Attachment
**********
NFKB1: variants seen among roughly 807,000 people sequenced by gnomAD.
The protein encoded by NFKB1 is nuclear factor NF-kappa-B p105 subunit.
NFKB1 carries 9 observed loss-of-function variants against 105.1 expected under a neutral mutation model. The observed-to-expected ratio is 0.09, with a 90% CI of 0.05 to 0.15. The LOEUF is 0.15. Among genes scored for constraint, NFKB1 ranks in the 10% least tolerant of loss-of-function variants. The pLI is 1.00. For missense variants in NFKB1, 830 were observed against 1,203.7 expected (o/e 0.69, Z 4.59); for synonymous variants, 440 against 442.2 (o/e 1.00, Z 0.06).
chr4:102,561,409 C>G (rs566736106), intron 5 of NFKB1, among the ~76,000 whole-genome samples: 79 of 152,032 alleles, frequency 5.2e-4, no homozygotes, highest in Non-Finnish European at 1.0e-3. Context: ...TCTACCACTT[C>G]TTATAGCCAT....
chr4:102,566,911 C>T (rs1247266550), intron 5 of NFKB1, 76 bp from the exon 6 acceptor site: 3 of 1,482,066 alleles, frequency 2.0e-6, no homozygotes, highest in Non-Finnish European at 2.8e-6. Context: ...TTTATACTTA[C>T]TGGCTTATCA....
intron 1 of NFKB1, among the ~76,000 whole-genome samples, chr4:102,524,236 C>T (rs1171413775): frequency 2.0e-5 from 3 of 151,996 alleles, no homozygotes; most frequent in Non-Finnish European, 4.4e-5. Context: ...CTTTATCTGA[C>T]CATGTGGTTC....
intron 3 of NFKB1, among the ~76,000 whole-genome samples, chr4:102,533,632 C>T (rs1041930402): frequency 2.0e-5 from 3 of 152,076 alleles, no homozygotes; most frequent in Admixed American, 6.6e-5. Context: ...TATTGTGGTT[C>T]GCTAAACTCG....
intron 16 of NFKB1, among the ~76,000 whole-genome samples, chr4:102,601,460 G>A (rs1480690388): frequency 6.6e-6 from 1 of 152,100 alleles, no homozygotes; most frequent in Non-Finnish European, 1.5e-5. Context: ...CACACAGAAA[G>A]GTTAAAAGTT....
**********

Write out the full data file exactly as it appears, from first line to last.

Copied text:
NFKB1: variants seen among roughly 807,000 people sequenced by gnomAD.
The protein encoded by NFKB1 is nuclear factor NF-kappa-B p105 subunit.
NFKB1 carries 9 observed loss-of-function variants against 105.1 expected under a neutral mutation model. The observed-to-expected ratio is 0.09, with a 90% CI of 0.05 to 0.15. The LOEUF is 0.15. Among genes scored for constraint, NFKB1 ranks in the 10% least tolerant of loss-of-function variants. The pLI is 1.00. For missense variants in NFKB1, 830 were observed against 1,203.7 expected (o/e 0.69, Z 4.59); for synonymous variants, 440 against 442.2 (o/e 1.00, Z 0.06).
chr4:102,561,409 C>G (rs566736106), intron 5 of NFKB1, among the ~76,000 whole-genome samples: 79 of 152,032 alleles, frequency 5.2e-4, no homozygotes, highest in Non-Finnish European at 1.0e-3. Context: ...TCTACCACTT[C>G]TTATAGCCAT....
chr4:102,566,911 C>T (rs1247266550), intron 5 of NFKB1, 76 bp from the exon 6 acceptor site: 3 of 1,482,066 alleles, frequency 2.0e-6, no homozygotes, highest in Non-Finnish European at 2.8e-6. Context: ...TTTATACTTA[C>T]TGGCTTATCA....
intron 1 of NFKB1, among the ~76,000 whole-genome samples, chr4:102,524,236 C>T (rs1171413775): frequency 2.0e-5 from 3 of 151,996 alleles, no homozygotes; most frequent in Non-Finnish European, 4.4e-5. Context: ...CTTTATCTGA[C>T]CATGTGGTTC....
intron 3 of NFKB1, among the ~76,000 whole-genome samples, chr4:102,533,632 C>T (rs1041930402): frequency 2.0e-5 from 3 of 152,076 alleles, no homozygotes; most frequent in Admixed American, 6.6e-5. Context: ...TATTGTGGTT[C>T]GCTAAACTCG....
intron 16 of NFKB1, among the ~76,000 whole-genome samples, chr4:102,601,460 G>A (rs1480690388): frequency 6.6e-6 from 1 of 152,100 alleles, no homozygotes; most frequent in Non-Finnish European, 1.5e-5. Context: ...CACACAGAAA[G>A]GTTAAAAGTT....